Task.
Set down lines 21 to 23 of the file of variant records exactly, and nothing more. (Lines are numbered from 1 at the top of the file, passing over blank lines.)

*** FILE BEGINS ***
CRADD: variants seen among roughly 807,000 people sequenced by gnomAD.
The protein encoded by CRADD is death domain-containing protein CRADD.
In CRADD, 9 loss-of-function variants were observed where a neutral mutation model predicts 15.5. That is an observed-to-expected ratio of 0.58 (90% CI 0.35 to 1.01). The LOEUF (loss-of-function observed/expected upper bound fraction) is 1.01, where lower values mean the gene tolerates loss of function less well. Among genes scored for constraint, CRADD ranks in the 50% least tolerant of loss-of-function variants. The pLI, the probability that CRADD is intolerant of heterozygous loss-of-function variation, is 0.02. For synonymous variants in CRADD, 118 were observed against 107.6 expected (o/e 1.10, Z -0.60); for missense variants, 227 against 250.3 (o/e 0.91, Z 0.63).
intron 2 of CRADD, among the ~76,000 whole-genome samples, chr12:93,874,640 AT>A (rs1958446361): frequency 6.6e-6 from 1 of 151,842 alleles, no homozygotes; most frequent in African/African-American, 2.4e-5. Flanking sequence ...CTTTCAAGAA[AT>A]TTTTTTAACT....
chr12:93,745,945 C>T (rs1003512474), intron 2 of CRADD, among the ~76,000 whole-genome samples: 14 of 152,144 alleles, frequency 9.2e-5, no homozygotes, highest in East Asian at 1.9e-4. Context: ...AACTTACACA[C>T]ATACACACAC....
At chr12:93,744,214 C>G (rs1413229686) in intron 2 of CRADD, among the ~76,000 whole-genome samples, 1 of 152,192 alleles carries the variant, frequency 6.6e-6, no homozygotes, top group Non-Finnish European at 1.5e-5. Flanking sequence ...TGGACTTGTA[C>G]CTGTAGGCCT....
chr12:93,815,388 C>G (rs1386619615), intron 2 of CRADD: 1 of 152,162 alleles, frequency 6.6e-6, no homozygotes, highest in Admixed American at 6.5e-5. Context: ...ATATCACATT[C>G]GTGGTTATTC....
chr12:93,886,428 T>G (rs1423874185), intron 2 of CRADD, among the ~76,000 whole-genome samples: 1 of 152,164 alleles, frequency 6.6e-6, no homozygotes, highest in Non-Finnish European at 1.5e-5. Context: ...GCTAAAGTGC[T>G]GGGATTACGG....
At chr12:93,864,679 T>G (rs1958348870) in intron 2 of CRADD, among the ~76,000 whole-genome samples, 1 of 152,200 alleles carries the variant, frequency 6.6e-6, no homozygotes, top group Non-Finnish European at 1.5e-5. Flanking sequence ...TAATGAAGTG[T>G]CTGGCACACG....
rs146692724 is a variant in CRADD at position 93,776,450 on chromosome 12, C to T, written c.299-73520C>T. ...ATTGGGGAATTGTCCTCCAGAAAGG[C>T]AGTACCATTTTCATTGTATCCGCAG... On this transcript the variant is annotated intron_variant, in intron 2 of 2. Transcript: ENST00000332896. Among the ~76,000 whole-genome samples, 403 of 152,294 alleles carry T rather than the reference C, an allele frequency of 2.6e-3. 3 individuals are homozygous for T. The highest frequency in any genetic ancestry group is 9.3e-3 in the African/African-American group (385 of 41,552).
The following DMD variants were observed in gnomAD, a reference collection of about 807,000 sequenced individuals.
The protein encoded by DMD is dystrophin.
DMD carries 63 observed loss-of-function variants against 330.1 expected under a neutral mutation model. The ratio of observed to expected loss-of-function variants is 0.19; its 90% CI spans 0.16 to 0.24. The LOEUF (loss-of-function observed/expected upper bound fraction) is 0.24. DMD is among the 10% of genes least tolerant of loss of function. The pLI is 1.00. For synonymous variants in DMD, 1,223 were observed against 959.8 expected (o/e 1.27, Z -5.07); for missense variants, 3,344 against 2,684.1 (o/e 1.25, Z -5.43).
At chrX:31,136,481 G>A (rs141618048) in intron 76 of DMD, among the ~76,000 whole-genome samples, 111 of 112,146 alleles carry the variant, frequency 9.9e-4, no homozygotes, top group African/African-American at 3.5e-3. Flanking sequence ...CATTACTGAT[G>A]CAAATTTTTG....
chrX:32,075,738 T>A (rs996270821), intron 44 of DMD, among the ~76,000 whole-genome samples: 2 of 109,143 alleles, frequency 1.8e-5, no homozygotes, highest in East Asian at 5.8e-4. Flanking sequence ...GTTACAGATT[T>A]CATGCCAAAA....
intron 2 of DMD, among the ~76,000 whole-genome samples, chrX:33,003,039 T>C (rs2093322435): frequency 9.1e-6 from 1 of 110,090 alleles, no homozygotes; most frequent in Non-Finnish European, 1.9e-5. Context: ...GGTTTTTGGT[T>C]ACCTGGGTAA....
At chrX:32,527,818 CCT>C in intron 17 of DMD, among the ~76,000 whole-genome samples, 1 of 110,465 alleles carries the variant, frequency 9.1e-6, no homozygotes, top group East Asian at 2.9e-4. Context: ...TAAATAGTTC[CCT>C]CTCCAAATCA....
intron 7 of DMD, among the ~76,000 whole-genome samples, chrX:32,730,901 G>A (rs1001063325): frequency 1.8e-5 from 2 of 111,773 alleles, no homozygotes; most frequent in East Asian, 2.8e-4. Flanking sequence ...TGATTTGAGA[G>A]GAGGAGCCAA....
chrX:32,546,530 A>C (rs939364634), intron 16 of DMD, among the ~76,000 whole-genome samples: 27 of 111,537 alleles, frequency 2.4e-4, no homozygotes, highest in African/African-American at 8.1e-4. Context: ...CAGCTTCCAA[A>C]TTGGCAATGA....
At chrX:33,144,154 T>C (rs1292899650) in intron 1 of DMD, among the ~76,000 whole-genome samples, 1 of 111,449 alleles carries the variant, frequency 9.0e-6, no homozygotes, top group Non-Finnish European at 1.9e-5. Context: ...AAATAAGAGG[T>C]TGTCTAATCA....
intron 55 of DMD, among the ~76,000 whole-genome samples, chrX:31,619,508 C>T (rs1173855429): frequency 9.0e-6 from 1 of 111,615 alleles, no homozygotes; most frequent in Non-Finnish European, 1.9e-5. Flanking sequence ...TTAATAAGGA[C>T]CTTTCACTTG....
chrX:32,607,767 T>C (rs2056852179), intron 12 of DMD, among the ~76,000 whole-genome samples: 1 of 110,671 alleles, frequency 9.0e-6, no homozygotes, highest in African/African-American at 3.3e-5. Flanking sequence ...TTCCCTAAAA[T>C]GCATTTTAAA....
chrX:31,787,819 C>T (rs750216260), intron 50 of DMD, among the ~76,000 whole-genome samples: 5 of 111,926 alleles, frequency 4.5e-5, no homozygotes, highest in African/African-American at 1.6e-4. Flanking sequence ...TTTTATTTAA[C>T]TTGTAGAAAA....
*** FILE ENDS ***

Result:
intron 55 of DMD, among the ~76,000 whole-genome samples, chrX:31,619,508 C>T (rs1173855429): frequency 9.0e-6 from 1 of 111,615 alleles, no homozygotes; most frequent in Non-Finnish European, 1.9e-5. Flanking sequence ...TTAATAAGGA[C>T]CTTTCACTTG....
chrX:32,607,767 T>C (rs2056852179), intron 12 of DMD, among the ~76,000 whole-genome samples: 1 of 110,671 alleles, frequency 9.0e-6, no homozygotes, highest in African/African-American at 3.3e-5. Flanking sequence ...TTCCCTAAAA[T>C]GCATTTTAAA....
chrX:31,787,819 C>T (rs750216260), intron 50 of DMD, among the ~76,000 whole-genome samples: 5 of 111,926 alleles, frequency 4.5e-5, no homozygotes, highest in African/African-American at 1.6e-4. Flanking sequence ...TTTTATTTAA[C>T]TTGTAGAAAA....